Gradually it became clear to most people that the solution to the problems had to be city planning that gave space to cars, bicycles, pedestrians and public transport. Out of this realization grew the Danish model with its extended network of cycle lanes along the roads, which continues to be further developed.

In the last 10 years, new challenges have emerged. In Denmark, as in other countries, there is a desire to improve public health and combat climate change. At the same time, rapid urban development means that we must constantly develop and renew our vision of what should characterize a modern metropolis. In Copenhagen and several other Danish cities, it has led to an intensified effort to maintain and strengthen the cycling culture.

The bicycle is an additional choice

Cycling – especially in a wealthy country like Denmark – is for most an active additional choice which can easily change. So the only way forward is to make it safe, easy and attractive to cycle, and that does not happen solely by changing the infrastructure.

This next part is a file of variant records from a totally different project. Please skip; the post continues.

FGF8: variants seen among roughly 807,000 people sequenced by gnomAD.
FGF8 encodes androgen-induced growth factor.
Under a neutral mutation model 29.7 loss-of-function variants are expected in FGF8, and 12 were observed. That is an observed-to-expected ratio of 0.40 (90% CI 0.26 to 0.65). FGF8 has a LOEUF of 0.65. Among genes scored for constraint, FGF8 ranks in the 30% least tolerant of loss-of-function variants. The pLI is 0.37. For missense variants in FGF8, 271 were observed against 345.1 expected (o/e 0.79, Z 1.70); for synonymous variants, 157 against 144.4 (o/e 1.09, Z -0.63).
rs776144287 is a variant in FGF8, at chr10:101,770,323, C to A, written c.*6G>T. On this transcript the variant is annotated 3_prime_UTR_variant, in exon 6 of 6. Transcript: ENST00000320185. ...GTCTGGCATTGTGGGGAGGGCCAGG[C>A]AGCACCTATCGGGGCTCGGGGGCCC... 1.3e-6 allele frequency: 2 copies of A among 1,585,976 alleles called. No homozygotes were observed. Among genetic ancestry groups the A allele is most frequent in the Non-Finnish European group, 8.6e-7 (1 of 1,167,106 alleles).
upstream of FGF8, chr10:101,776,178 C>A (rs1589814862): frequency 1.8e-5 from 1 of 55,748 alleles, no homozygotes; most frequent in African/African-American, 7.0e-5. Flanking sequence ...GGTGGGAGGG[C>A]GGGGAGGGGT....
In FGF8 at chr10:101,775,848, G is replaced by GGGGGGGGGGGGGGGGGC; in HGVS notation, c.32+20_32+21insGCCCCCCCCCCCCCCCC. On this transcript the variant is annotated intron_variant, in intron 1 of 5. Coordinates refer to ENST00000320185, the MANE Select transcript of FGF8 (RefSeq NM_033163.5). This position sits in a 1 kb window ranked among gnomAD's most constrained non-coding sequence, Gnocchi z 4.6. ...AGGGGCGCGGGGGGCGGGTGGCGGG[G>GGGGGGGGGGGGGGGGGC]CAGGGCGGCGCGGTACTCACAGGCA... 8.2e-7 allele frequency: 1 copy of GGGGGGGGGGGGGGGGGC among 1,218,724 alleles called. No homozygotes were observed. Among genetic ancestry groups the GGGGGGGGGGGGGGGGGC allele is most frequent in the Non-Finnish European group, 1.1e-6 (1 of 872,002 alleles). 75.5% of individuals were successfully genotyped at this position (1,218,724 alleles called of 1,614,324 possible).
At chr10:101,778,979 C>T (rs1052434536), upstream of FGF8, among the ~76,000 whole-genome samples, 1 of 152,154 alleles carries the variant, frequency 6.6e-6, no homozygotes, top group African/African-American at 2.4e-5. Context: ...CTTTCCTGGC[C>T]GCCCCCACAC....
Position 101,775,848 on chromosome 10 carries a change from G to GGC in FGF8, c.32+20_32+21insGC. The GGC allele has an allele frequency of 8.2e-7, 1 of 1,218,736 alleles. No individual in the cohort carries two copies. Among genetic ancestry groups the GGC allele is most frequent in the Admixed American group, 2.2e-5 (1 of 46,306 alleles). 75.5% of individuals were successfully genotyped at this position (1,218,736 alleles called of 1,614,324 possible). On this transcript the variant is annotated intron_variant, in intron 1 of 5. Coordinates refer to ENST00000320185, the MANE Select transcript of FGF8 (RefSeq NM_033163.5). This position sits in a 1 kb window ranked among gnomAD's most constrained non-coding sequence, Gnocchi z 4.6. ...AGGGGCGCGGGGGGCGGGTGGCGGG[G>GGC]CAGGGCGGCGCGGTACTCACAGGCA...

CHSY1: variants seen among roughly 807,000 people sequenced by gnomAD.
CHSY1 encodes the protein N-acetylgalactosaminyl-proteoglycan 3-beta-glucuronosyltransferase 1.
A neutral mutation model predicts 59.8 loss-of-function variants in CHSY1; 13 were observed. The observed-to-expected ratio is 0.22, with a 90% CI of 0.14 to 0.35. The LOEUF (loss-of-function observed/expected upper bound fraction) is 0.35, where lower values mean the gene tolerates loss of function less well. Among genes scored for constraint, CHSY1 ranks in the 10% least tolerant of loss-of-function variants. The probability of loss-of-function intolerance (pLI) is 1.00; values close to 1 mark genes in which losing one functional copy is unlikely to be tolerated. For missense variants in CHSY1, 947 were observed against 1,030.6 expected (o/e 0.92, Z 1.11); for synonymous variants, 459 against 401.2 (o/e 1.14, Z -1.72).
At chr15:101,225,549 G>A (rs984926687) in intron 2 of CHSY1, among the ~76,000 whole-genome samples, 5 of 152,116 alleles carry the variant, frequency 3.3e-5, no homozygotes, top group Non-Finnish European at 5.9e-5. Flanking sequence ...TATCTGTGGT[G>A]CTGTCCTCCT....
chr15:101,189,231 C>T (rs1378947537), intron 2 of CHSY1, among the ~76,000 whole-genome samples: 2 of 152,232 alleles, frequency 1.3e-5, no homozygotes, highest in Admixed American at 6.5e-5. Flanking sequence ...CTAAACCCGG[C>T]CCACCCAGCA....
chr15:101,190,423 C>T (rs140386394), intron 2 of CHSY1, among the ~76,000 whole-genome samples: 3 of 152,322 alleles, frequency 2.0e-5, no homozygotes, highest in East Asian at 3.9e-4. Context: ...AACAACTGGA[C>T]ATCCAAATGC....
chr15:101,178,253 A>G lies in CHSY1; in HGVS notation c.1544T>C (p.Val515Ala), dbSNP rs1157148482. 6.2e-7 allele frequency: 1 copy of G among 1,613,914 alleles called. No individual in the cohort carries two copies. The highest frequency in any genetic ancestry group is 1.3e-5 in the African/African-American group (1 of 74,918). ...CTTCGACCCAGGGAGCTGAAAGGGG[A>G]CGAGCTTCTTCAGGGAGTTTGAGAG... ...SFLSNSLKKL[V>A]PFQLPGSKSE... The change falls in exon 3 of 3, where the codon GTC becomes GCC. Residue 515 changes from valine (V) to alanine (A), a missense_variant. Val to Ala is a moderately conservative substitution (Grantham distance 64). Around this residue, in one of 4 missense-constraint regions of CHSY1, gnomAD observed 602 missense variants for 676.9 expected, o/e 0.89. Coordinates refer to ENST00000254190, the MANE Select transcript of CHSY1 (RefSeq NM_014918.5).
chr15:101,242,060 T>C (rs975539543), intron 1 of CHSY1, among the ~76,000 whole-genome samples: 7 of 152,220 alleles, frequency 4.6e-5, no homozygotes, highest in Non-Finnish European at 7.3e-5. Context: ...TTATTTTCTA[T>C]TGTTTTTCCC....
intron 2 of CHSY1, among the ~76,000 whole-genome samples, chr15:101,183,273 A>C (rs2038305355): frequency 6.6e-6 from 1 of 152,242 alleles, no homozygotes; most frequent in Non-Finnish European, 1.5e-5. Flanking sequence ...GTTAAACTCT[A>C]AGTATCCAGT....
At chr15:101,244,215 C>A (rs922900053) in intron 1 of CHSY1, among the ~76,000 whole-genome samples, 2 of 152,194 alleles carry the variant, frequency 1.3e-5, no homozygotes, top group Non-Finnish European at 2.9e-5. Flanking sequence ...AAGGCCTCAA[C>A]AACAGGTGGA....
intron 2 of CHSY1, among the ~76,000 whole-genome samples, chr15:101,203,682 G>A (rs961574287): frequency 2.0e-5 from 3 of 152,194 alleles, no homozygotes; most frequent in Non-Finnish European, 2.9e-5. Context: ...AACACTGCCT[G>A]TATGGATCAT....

In Denmark there is a strong tradition for people from all strata of society to cycle. Most Danes associate the bicycle with positive values such as freedom and health, and in recent years cycling has actually become a symbol of personal energy. The bicycle has become ultramodern again, aided by societal development, successful political initiatives and conscious marketing.

The three largest Danish cities – Copenhagen, Aarhus and Odense – have all carried out large branding   campaigns that put cyclists in a positive light on advertising billboards, on the internet and by actively including cyclists in new bicycle projects. The result is an increasing number of cyclists and cleaner, healthier and more liveable cities.

Today, the vision of a pleasant city is different to that of the 1960s. We all want to make space for progress and development. But progress and development in the modern metropolis depends on whether we manage to make it a place where people want to live.